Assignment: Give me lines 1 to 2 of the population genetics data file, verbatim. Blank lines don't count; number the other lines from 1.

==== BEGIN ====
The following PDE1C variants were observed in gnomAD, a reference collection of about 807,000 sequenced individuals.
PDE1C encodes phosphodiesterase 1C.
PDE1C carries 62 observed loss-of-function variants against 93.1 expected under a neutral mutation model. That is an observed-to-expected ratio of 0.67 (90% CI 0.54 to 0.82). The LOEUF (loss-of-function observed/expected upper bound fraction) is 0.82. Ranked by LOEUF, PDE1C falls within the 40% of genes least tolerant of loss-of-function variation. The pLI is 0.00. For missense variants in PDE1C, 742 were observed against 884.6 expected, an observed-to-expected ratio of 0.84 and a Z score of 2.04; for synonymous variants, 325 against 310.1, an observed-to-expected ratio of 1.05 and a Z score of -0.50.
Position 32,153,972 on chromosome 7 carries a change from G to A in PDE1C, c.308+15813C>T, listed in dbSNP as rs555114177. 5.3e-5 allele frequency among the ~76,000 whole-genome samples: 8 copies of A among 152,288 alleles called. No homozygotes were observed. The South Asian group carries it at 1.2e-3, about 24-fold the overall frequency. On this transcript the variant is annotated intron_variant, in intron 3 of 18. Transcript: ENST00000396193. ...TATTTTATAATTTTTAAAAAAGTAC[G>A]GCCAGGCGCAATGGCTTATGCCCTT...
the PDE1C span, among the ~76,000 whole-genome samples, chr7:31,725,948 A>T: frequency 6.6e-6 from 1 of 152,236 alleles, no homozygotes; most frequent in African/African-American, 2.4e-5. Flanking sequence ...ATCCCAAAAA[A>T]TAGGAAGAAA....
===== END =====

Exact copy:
The following PDE1C variants were observed in gnomAD, a reference collection of about 807,000 sequenced individuals.
PDE1C encodes phosphodiesterase 1C.